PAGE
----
How to Do Pilates Using the Six Secrets For Success
Whilst the desire for health and fitness shows no sign of abating, there is a plethora of exercise techniques available and it is often tempting to choose one that will require great physical exertion in order to feel that you are working the body. Yet an equally effective technique is learning how to do Pilates, which does not include sweat inducing exercise but does require guidelines that should be followed for success.
The first secret to Pilates success that must be acknowledged and undertaken is the requirement for relaxation. Whilst you should be in a relaxed state, the exercises will in effect train the body to use only the muscles needed for the actual activity How to Be Guided in the Present Moment. The remaining muscles will be left in a relaxed state and thus the body, when called upon to perform any task will work to its optimum efficiency.
The ability to maintain concentration is vital when seeking to achieve fitness success using Pilates. And through concentration you will learn about muscle awareness by contracting and relaxing different muscle groups which is achieved using specific patterns of exercises. It will not be long before this muscle awareness becomes a subconscious reaction.
The third secret is to ensure your breathing technique and patterns are correct. Diaphragmatic breathing, where the whole diaphragm is engaged in the breathing process is encouraged and enhanced and each Pilates exercise that is undertaken requires a specific method and timing of inhaling and exhaling. By adhering to this, you will then become much more aware of your body’s movement and how exactly it is achieved.
In addition to this, there is the concept of heightened body awareness as an integral facet of Pilates and can be attained through the principles of precision, control and centering. This is where you will require being very precise in undertaking physical movement and the control used to achieve such movement. You will be be surprised how quickly you become aware of how the body achieves this and the economical effort that is required.
The last two secrets of how to do Pilates successfully are concentrated on the requirement for a reduction in any stress that maybe present. Guided imagery is a successful method of stress reduction that teaches the art of relaxation through using your imagination to see yourself in a calm and peaceful place. To compliment this, mindfulness is developed with the goal of enhancing your quality of life with the requirement to live in the present moment which will have the effect of reducing any current problems of negative stress. Where someone is mindful, their full attention will be in the present rather than having their thoughts drifting off to some stressful problem that requires to be faced sometime in the future.
What can be deduced is that Pilates techniques are not just another routine exercise methods where the body is pushed and tested in the quest for better health and fitness. Whilst the outcome will be a healthier you with better fitness, inner strength, flexibility and better posture, by discovering how to do Pilates you will be far more in touch with your body, how it works and how to better protect and care for it.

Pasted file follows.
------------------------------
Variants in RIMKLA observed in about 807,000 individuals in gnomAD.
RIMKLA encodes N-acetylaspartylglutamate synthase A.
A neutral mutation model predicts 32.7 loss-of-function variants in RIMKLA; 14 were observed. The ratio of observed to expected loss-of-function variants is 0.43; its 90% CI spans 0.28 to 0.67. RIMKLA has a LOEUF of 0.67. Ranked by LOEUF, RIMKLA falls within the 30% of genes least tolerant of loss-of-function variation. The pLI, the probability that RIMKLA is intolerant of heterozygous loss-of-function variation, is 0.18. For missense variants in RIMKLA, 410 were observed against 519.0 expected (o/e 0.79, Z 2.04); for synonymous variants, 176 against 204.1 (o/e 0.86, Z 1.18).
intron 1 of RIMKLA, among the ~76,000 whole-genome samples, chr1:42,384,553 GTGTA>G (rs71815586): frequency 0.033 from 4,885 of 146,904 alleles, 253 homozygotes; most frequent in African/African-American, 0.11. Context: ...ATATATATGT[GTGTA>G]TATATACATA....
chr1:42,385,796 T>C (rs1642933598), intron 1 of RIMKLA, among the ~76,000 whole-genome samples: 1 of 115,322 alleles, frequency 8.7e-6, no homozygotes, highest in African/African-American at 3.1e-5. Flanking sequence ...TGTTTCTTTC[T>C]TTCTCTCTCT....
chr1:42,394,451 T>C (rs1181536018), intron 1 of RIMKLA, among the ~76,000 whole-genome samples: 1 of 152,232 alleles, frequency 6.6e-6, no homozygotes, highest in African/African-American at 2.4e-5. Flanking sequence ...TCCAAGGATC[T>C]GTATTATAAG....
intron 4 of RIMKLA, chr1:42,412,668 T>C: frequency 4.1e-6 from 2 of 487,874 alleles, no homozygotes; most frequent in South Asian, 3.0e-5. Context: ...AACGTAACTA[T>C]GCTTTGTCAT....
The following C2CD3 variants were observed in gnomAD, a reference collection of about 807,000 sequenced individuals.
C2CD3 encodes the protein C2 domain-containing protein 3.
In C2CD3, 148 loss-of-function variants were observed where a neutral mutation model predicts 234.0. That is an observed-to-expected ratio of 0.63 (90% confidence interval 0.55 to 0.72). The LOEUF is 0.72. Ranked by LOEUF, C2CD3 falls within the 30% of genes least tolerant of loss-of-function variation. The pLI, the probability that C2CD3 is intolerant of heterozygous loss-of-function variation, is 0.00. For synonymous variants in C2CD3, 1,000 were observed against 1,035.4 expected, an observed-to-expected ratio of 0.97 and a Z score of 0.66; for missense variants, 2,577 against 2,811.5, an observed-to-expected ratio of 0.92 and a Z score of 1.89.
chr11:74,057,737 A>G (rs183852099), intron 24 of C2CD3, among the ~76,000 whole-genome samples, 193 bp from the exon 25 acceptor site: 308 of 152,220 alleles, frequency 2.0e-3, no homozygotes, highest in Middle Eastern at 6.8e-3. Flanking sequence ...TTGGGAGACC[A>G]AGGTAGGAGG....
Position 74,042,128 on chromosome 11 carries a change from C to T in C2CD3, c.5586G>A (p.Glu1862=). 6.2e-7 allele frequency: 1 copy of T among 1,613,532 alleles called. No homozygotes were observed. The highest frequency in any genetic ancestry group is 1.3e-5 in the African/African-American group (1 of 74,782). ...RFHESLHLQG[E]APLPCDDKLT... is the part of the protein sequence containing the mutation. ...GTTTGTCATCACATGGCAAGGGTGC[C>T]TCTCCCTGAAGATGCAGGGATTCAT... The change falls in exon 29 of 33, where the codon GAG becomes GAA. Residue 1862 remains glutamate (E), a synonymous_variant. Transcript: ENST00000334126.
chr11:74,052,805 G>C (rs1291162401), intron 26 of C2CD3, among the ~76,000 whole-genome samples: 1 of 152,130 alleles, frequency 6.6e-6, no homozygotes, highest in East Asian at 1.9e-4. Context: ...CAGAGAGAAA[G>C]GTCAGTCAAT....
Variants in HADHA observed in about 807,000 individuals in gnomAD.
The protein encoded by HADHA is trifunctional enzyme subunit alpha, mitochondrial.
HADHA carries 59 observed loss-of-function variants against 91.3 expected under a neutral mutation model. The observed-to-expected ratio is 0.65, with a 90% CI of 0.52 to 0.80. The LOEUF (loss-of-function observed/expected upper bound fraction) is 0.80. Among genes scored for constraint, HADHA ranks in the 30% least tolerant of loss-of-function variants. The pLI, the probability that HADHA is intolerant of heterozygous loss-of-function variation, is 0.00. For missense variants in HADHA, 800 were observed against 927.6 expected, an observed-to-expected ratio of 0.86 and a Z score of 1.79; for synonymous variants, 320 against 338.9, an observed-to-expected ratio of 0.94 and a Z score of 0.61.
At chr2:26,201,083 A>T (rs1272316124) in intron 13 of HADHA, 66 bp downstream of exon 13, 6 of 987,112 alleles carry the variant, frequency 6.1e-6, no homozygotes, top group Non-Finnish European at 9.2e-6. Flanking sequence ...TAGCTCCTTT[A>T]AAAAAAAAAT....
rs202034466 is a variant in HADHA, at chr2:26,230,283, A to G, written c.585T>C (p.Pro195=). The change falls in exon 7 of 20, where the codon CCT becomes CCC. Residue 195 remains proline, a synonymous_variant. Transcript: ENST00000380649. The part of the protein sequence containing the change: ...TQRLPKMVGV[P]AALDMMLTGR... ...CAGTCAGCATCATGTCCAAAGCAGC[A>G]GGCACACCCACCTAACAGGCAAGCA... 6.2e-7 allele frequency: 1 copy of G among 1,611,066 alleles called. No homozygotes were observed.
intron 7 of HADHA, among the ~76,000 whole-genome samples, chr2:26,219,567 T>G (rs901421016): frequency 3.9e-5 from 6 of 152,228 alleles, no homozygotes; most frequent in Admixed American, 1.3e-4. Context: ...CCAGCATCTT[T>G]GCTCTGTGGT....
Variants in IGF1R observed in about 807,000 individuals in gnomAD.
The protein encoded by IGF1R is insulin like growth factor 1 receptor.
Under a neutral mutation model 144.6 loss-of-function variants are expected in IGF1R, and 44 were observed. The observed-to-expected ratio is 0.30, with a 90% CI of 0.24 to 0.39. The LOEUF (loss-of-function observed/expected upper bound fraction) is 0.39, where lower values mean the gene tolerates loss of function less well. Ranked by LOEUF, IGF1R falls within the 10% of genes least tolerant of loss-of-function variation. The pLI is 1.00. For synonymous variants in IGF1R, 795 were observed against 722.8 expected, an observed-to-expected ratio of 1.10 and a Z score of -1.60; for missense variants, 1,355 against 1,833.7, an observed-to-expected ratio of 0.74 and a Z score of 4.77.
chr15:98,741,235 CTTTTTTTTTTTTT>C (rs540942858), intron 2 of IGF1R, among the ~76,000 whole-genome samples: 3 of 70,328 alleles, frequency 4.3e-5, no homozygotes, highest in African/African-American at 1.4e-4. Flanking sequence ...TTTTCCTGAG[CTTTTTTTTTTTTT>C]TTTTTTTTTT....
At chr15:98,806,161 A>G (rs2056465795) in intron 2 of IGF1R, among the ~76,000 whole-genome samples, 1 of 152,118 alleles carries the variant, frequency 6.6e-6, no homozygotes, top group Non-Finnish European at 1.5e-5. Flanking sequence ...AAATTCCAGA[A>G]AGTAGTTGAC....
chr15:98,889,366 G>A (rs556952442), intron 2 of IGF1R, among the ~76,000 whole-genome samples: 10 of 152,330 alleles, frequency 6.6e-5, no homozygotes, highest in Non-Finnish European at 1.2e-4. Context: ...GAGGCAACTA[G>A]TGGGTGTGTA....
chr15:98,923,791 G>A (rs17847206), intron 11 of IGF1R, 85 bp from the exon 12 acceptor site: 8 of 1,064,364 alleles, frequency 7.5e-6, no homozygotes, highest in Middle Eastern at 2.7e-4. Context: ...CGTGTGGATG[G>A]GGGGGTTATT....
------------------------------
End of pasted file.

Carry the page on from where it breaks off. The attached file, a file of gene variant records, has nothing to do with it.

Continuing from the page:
The sweat drips from my body onto the mat, already wet from 70 minutes of Hot Bikram Yoga. Yuk!! And now the teacher is imploring me and every other student in the session to ‘let go’ of the attachment we’ve made to the last posture. “Just let it go. It’s over! Relax in savasana”.
Savasana is a yoga position where you lie on your back on your mat completely still – still mind, still body. This in itself is really difficult – one wants to scratch, wipe the sweat away, and sense a muscle, the mind full of ‘stuff’- random thoughts such as – “what’s for supper?” “I must look at that… ” “How’s that presentation coming on?” “I wonder how my daughter is?”
But the greater temptation is to attach value and judgement to my efforts in the last posture! “Was it better than last time?” “Had I taken on board comments from the teacher and improved?” “Was I having a good/bad day?” “I wish I had made more effort at… “. So ‘letting go’ is the last thing I really want to do; I want to look back and indulge my emotions and not be in the present moment. Letting go of what has happened is such a difficult exercise. We hang on to thoughts, good and bad, as if our life depended on it. But once something is over, it’s over – there is nothing you can do about it, it’s over. You can understand the things you’ve learned from the experience and move on. Dwelling in a negative sense on something which is past has no merit. Understanding the importance of ‘letting go’… and actually doing it… creates space and calm.
Many years ago I came across a poem attached to the wall of a café in Tasmania, a remote and sparsely populated island state in Australia. It was a list of such lovely exhortations with a positive spin, found in such a bizarre place, it begged to be copied and studied. There are many examples of ‘letting go’ that come to mind and those who read this column may begin to reflect on their own circumstances, their own experiences.